I can’t immediately recall a time when there were so many (three, to be specific) mysteries in theaters. First, just a few weekends ago, we got the mediocre The Happytime Murders (review) and the spectacular Searching (review) and, now, from “the darker side of Paul Feig” (as the marketing states) we get A Simple Favor. I’ve been excited about this one since the first trailer, as I like Feig, but I’m also a pretty big fan of both Anna Kendrick and Blake Lively, who assume the two lead roles in the film. It seemed like an easy recipe for success, and this was my most-anticipated film of the weekend.
The story follows meek and unassuming single mother Stephanie Smothers (Kendrick) as she strives to form a friendship with the power mom of her son’s elementary school, Emily Nelson (Lively). As the two get to know each other, Emily challenges Stephanie to push herself outside of her comfort zone, toying with the dynamic of their relationship. Stephanie begins to struggle with her own identity until suddenly, after Emily asks Stephanie to pick up and watch Emily’s son after school, Emily vanishes without a trace, leaving Stephanie to wonder what happened to her new friend and who she can and can’t trust.
Right away, things feel slightly off-kilter as Feig immediately inserts an uneasy and uncomfortable vibe into the film. It’s not always obvious what the source of said vibe is, but it’s there, and the viewer never feels able to just relax and take in the movie. Instead, they are immersed in the ongoing narrative through a combination of tone, music, and the performances of Kendrick and Lively, who play their roles with just enough exaggeration to make everything seem unnatural. Both actors toe the line with crossing their characters over into caricature territory. They never quite get there, but the message is clear that neither are exactly who they profess to be. I normally don’t care for that type of acting but Lively and Kendrick aren’t doing it for the sake of doing it, and their approaches to their roles adds a vital feeling of unease to the picture that contributes significantly to its effectiveness. Plus, both are clearly having fun and it’s a blast to see Lively in this sort of role, which is unlike any other I’ve seen her take on.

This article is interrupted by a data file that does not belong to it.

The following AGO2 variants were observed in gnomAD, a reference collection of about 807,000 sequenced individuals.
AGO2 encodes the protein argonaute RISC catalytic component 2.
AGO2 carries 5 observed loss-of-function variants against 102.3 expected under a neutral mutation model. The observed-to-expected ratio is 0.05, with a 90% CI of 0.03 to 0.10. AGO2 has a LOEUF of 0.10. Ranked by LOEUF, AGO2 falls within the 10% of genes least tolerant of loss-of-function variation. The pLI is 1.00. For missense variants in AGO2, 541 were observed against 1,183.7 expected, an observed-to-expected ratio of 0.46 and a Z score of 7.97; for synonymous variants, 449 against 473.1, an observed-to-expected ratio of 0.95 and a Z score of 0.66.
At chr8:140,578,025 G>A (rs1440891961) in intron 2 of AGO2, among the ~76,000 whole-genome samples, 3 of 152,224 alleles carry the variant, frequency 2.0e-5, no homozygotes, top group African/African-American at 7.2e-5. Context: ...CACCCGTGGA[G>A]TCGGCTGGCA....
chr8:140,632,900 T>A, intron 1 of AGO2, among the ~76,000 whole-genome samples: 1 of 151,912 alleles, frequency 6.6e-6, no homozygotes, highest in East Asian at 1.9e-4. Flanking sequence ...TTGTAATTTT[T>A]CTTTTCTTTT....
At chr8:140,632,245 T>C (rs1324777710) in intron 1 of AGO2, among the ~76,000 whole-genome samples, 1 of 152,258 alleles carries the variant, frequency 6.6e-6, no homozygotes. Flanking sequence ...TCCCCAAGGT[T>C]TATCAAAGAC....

Feig has made a name for himself through pure comedy, bringing audiences films such as Bridesmaids (here’s that #ThrowbackThursday), The Heat, and 2016’s Ghostbusters reboot (review). When the marketing for A Simple Favor branded the film as being from his darker side, it was pretty accurate. The film still maintains a sense of humor, but it’s much more twisted than Feig’s typical brand and only adds to the level of discomfort present throughout the film. The subject matter also veers into immensely adult themes and I would say that it is unquestionably for mature audiences, only. (Notice I didn’t say “adult” audiences, as age and maturity don’t necessarily go hand-in-hand.)
Some will find the odd concoction of dark comedy with weighty narrative to be disorienting, and I can’t swear that isn’t Feig’s intention. After all, everyone in the film is disoriented, as well (or are they?), and that feeling only serves to suck the viewer in even more. I will say that even though the film is somewhat unpredictable – mostly due to leaving the narrative’s resolution open to numerous possibilities – it’s neither quite as compelling nor as surprising as I’d hoped it would be.
Perhaps following so closely to the superior Searching was a bad idea, but that couldn’t have been foreseen far enough in advance to justify the expenses involved in compensating for it. That’s not as easy to do as many would initially think. Don’t misunderstand; the mystery component of this film is engaging and entertaining (and far better than that of The Happytime Murders) but it’s not the best out there, at the moment. However, the star power and the performances of Lively and Kendrick do partially balance it out and add a little oomph to the proceedings.
How much one enjoys A Simple Favor will depend on why they are interested in it, to begin with. It plays like a mixture of Gone Girl and Mulholland Dr., neither of which are easy films. It’s quirky, it’s off-putting, it’s challenging, and it’s a little weird, but it’s also well-crafted, entertaining, and – in its own odd way – fun. If you’re going for the cast – Kendrick, Lively, or both – don’t hesitate. If you’re only interested in high-speed twists and turns, this is not that film. But if you want a competent mystery, combined with charismatic performances for complex characters, and a narrative that pushes the envelope, then this is the film for you. I liked it very much, but Searching is still the best mystery-thriller (and movie, in general) in theaters, right now. Start there, then maybe make a double-feature out of it with this one.
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